Published in: on June 18, 2009 at 10:13 pm  Comments (2)  
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Pulp Report

I’m following up my recent series on pulp fiction by writing a pulp short-story.  The idea is to let my writing standard go and just pound out a story according to formula — and this is really tough!

The ideas I’m coming up with for the different pieces — the F-H emotion + emotion = ?, the plot segmentation, the character tags — they all fall within the rough parameters of the systems I’ve outlined, but putting it all together into a strongly emotive narrative is not coming easily.  I’ve been writing 500 words a day — page and a half.

I write faster without the formula.

But, I will persever.  It’s this story or me.  Especially no excuse because I’m not holding myself to any standard whatever.

I’m kind-of taking the opportunity to go systematically through the 20 plots in Tobias’s 20 Master Plots and How to Build Them, but the reality is that the first one, the Quest, has been so un-questlike from the beginning I don’t think it’ll be recognizable as such.

Ah, well.  I’ll post a quick F-H-inspired exercise and get back to work.

Published in: on June 18, 2009 at 9:45 pm  Comments (1)  
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The “Doc Savage” Pulp Story Formula – by Lester Dent

This is a formula, a master plot, for any 6000 word pulp story. It has worked on adventure, detective, western and war-air. It tells exactly where to put everything. It shows definitely just what must happen in each successive thousand words.

No yarn of mine written to the formula has yet failed to sell.

The business of building stories seems not much different from the business of building anything else.

Here’s how it starts:

1. A DIFFERENT MURDER METHOD FOR VILLAIN TO USE
2. A DIFFERENT THING FOR VILLAIN TO BE SEEKING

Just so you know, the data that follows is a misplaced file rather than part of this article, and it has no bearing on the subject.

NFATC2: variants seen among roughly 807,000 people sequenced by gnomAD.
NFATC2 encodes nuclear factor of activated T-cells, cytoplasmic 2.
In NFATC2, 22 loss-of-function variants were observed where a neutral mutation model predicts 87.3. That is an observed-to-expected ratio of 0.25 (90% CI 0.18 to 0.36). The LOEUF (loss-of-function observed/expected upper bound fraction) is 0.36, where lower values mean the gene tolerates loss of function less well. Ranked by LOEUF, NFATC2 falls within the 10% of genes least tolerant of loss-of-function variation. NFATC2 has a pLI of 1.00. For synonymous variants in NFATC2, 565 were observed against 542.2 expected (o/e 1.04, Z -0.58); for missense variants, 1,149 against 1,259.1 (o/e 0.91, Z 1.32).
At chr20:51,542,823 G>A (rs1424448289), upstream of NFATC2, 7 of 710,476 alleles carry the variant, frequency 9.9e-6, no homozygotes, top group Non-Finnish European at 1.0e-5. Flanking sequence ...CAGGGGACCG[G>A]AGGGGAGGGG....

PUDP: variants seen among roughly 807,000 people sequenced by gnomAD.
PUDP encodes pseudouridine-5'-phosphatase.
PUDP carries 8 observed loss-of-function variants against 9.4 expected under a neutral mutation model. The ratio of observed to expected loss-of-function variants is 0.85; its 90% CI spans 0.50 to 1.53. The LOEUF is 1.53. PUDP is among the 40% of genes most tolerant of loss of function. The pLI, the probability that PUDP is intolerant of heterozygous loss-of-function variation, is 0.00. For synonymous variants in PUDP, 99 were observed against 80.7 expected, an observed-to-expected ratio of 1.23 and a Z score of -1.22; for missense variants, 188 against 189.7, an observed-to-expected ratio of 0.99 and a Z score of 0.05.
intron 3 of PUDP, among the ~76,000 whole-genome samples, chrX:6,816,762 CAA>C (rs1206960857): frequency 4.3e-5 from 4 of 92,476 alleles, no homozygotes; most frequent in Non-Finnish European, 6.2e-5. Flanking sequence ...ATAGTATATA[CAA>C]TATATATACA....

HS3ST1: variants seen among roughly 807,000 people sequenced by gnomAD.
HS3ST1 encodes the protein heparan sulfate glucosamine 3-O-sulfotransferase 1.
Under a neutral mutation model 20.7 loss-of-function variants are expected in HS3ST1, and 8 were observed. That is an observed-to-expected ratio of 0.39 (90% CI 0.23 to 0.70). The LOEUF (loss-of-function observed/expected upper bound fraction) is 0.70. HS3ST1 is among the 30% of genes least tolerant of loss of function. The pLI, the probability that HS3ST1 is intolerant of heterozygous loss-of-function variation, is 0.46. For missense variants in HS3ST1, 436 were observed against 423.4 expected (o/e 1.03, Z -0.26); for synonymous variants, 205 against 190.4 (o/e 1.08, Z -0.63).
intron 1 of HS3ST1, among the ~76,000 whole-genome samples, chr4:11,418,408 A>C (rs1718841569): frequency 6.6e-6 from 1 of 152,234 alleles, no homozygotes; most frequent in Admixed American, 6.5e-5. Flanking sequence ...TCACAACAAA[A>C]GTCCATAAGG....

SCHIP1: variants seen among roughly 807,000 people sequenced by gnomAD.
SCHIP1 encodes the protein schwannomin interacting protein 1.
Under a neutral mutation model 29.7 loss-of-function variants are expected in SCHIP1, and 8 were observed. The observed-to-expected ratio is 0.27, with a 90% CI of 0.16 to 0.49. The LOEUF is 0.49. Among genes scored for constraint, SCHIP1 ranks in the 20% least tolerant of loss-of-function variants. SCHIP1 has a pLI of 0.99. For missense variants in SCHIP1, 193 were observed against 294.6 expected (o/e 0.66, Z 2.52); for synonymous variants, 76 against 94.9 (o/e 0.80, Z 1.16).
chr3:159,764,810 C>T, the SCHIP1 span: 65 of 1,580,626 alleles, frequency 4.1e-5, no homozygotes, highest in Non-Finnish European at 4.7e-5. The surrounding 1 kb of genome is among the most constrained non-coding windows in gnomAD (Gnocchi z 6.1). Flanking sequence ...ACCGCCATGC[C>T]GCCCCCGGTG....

3. A DIFFERENT LOCALE
4. A MENACE WHICH IS TO HANG LIKE A CLOUD OVER HERO

One of these DIFFERENT things would be nice, two better, three swell. It may help if they are fully in mind before tackling the rest. (more…)

Published in: on June 16, 2009 at 7:32 am  Comments (3)  
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Deeper IF Characters with the F-H System

We’ve considered the F-H system of characterization, with one blog post on theory and strategies, and one on techniques and implementation.  The goal now will be to re-work these techniques for IF, making them suitable for the existing technology, and not reliant on tricky AI.  I’m all for tricky AI, but I can’t do it myself.

The broader purpose in doing this is to see how we can make NPCs that live up to at least the minimal standards set by pulp literature.  Since we know that much of pulp is pretty bad, and yet many people do consume it and, like fast-food, find it satisfying, we can infer there’s something in the pulp formula which over-rides the frequent overall badness of the writing.  By including this element in our games, along with good writing and game design, we can enrich our player’s game experience.

The F-H principles of characterization are:  create characters through emotional conflict; maximize that conflict by making the hero 49% evil, and the villian 49% good; portray characters with conflicting qualities, such as strength and weakness, or wisdom and folly; and write characters with physical and behavioral tags for those qualities, as a way of keeping on-message.  The overall idea is to foster inner emotional conflict about future events in the narrative.  Now let’s apply this to IF. (more…)